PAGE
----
LRD Booklets March 2019

Employment tribunals - a guide for union reps and workers

Introduction

Introduction


[pages 3-6]

For trade unions and their members, bringing a claim in an employment tribunal is a last resort when a negotiated agreement has failed. The benefits of a successful claim can be great, not just for the individual member, but for others affected by the same issue. The knock-on effect on morale, and union membership, can be extremely positive. But a failed claim may have the opposite effect and also leaves no room for further negotiation. As such, it is important for union reps to have as much information as possible when advising members with a potential tribunal claim and in deciding its chances of success.


This booklet is designed for union reps and their members to explain the employment tribunal system. It is intended to provide information to help in deciding whether to proceed with a claim, how to prepare for it and where to get help. 


It does not cover personal injury claims — except where a personal injury (usually psychiatric injury) results from discrimination under the Equality Act 2010, which can be brought in the employment tribunal. If the employer is in breach of any contractual term while the employee is still employed, the claim must go to the civil courts — the County Court or High Court .


The employment tribunal service discussed in this booklet applies in England, Wales and Scotland. Northern Ireland has a different system of industrial tribunals which hear nearly all cases involving employment disputes. It also has the Fair Employment Tribunal which hears cases to do with unlawful political or religious discrimination.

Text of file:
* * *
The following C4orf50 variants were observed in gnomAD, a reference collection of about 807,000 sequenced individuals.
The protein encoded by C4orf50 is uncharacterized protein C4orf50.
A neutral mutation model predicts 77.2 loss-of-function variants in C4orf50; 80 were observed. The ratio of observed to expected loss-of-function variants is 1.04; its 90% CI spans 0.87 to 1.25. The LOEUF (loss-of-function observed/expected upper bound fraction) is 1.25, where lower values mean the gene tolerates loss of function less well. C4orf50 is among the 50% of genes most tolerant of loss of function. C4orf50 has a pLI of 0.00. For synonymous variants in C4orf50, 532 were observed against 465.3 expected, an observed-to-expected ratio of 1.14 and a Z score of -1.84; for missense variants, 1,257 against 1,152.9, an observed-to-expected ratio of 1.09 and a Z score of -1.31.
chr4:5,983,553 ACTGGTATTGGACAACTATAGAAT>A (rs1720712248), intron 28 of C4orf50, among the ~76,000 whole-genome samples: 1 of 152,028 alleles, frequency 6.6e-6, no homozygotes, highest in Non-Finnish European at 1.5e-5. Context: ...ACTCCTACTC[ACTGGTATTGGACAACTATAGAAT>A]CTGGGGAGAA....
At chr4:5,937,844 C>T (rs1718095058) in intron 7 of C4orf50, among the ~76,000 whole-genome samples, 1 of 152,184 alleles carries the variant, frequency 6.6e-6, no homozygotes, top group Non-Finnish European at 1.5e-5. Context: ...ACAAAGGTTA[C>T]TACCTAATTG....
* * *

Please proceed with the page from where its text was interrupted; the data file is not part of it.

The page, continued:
Background


Employment tribunals, originally called industrial tribunals, were created in 1964 as relatively informal bodies to hear employers’ appeals against industrial training levies. 


They have since become significantly more complex and formal as they have adapted to deal with an increasing volume of employment legislation, and they are now governed by extensive legal rules. 


Employment tribunals remain distinct from the civil courts (county court and High Court), although both systems fall under the responsibility of the Ministry of Justice. Tribunals retain the following characteristics that differentiate them:


• it is almost invariably the worker or employee who brings the claim. There are a very few exceptions where an employer can claim;


• there are generally no costs awarded in a tribunal — each party pays its own legal costs regardless of whether the claim succeeds;


• there is still a panel of three, consisting of two lay members (non-legally qualified representatives — one of each from panels of employees and employers) and a judge, who hear certain types of claim, including discrimination claims;


• they tend to be less formal;


• the parties can be represented by a lay person if they wish; and


• tribunals are not bound by legal rules on the admissibility of evidence. 


The importance of case law


While Parliament decides the legal rights of individuals by making legislation — Acts of Parliament such as the Employment Rights Act 1996 or secondary legislation, known as Statutory Instruments, such as the Working Time Regulations 1998 — it is case law which plays a vital role in the development of those rights. Case law is the law made by judges when interpreting the legislation and applying it to the facts of the cases that appear before them. As such, case law plays a central role in the employment tribunal. 


Tribunal fees


In 2013, the Conservative government introduced fees for the first time in employment tribunals and the Employment Appeal Tribunal (EAT). The Employment Tribunals and the Employment Appeal Tribunal Fees Order 2013 SI 2013/1893 came into force on 29 July 2013 and required all claimants bringing a claim to pay a fee or apply for remission of the fee. Employment tribunals were forced to reject any claim that was not accompanied by payment or an application for remission. 


Under the scheme, the claimant had to pay an initial fee simply to submit their claim (either £160 or £250, depending on the type of claim) and a further £230 or £950 if they wanted to proceed to a hearing. This meant that a claim for unpaid wages could cost £390, regardless of the sum being recovered, and an unfair dismissal or discrimination claim could cost £1,200. There were also fees for pursuing an appeal.